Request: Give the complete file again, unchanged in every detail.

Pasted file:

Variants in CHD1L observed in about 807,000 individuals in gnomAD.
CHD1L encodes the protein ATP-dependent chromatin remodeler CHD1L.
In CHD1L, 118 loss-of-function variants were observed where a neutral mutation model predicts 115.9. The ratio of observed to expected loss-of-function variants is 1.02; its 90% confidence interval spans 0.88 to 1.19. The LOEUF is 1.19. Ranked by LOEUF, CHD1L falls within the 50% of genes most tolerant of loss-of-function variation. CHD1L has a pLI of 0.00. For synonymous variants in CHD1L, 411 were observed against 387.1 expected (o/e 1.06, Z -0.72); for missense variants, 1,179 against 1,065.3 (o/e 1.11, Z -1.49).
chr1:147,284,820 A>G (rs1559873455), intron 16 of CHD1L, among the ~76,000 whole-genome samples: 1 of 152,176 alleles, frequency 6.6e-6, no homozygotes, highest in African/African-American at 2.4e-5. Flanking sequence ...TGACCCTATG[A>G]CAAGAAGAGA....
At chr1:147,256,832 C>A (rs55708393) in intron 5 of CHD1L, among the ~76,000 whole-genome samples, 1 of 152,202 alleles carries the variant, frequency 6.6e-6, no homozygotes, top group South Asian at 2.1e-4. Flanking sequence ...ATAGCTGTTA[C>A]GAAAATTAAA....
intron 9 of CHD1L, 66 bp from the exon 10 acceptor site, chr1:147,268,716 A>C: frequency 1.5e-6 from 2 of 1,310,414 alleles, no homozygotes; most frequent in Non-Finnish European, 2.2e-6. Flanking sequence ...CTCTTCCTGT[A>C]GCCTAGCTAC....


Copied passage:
Variants in CHD1L observed in about 807,000 individuals in gnomAD.
CHD1L encodes the protein ATP-dependent chromatin remodeler CHD1L.
In CHD1L, 118 loss-of-function variants were observed where a neutral mutation model predicts 115.9. The ratio of observed to expected loss-of-function variants is 1.02; its 90% confidence interval spans 0.88 to 1.19. The LOEUF is 1.19. Ranked by LOEUF, CHD1L falls within the 50% of genes most tolerant of loss-of-function variation. CHD1L has a pLI of 0.00. For synonymous variants in CHD1L, 411 were observed against 387.1 expected (o/e 1.06, Z -0.72); for missense variants, 1,179 against 1,065.3 (o/e 1.11, Z -1.49).
chr1:147,284,820 A>G (rs1559873455), intron 16 of CHD1L, among the ~76,000 whole-genome samples: 1 of 152,176 alleles, frequency 6.6e-6, no homozygotes, highest in African/African-American at 2.4e-5. Flanking sequence ...TGACCCTATG[A>G]CAAGAAGAGA....
At chr1:147,256,832 C>A (rs55708393) in intron 5 of CHD1L, among the ~76,000 whole-genome samples, 1 of 152,202 alleles carries the variant, frequency 6.6e-6, no homozygotes, top group South Asian at 2.1e-4. Flanking sequence ...ATAGCTGTTA[C>A]GAAAATTAAA....
intron 9 of CHD1L, 66 bp from the exon 10 acceptor site, chr1:147,268,716 A>C: frequency 1.5e-6 from 2 of 1,310,414 alleles, no homozygotes; most frequent in Non-Finnish European, 2.2e-6. Flanking sequence ...CTCTTCCTGT[A>C]GCCTAGCTAC....